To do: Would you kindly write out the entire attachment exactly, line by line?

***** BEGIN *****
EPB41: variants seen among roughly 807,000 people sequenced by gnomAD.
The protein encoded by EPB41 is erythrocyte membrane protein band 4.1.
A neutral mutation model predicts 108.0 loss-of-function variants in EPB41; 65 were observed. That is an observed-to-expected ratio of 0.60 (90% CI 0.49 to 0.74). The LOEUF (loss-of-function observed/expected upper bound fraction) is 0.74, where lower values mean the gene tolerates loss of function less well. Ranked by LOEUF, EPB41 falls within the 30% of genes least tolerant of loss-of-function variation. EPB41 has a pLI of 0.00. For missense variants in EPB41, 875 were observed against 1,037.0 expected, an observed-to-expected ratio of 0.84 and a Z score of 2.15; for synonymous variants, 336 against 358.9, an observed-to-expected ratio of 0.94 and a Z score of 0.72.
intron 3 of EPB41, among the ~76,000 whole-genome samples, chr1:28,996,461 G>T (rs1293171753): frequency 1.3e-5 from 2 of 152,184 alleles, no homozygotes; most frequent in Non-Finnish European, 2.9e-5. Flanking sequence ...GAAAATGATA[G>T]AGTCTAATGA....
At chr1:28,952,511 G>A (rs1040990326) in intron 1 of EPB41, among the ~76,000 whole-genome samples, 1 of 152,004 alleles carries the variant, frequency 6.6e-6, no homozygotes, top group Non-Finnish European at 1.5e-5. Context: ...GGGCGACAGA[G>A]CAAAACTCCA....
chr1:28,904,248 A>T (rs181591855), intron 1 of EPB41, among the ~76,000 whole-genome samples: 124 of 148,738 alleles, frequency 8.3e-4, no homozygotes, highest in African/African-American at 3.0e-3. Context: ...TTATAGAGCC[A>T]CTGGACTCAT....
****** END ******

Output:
EPB41: variants seen among roughly 807,000 people sequenced by gnomAD.
The protein encoded by EPB41 is erythrocyte membrane protein band 4.1.
A neutral mutation model predicts 108.0 loss-of-function variants in EPB41; 65 were observed. That is an observed-to-expected ratio of 0.60 (90% CI 0.49 to 0.74). The LOEUF (loss-of-function observed/expected upper bound fraction) is 0.74, where lower values mean the gene tolerates loss of function less well. Ranked by LOEUF, EPB41 falls within the 30% of genes least tolerant of loss-of-function variation. EPB41 has a pLI of 0.00. For missense variants in EPB41, 875 were observed against 1,037.0 expected, an observed-to-expected ratio of 0.84 and a Z score of 2.15; for synonymous variants, 336 against 358.9, an observed-to-expected ratio of 0.94 and a Z score of 0.72.
intron 3 of EPB41, among the ~76,000 whole-genome samples, chr1:28,996,461 G>T (rs1293171753): frequency 1.3e-5 from 2 of 152,184 alleles, no homozygotes; most frequent in Non-Finnish European, 2.9e-5. Flanking sequence ...GAAAATGATA[G>T]AGTCTAATGA....
At chr1:28,952,511 G>A (rs1040990326) in intron 1 of EPB41, among the ~76,000 whole-genome samples, 1 of 152,004 alleles carries the variant, frequency 6.6e-6, no homozygotes, top group Non-Finnish European at 1.5e-5. Context: ...GGGCGACAGA[G>A]CAAAACTCCA....
chr1:28,904,248 A>T (rs181591855), intron 1 of EPB41, among the ~76,000 whole-genome samples: 124 of 148,738 alleles, frequency 8.3e-4, no homozygotes, highest in African/African-American at 3.0e-3. Context: ...TTATAGAGCC[A>T]CTGGACTCAT....